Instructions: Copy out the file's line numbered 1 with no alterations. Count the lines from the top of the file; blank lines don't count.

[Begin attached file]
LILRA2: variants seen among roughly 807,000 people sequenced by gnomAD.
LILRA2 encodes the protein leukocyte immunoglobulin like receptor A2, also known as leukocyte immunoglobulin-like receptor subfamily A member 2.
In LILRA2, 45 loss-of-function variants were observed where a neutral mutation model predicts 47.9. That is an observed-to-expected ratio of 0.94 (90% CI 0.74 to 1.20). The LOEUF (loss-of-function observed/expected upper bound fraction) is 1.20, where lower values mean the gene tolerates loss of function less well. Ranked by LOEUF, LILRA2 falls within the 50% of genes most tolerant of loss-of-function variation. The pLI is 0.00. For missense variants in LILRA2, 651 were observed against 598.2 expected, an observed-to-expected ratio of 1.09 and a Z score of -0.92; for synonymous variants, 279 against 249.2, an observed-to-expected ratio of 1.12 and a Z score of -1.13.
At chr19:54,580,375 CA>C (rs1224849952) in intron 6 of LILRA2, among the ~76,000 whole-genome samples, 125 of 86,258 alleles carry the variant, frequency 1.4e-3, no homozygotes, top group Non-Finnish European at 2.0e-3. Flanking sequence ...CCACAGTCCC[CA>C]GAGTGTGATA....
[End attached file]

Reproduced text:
LILRA2: variants seen among roughly 807,000 people sequenced by gnomAD.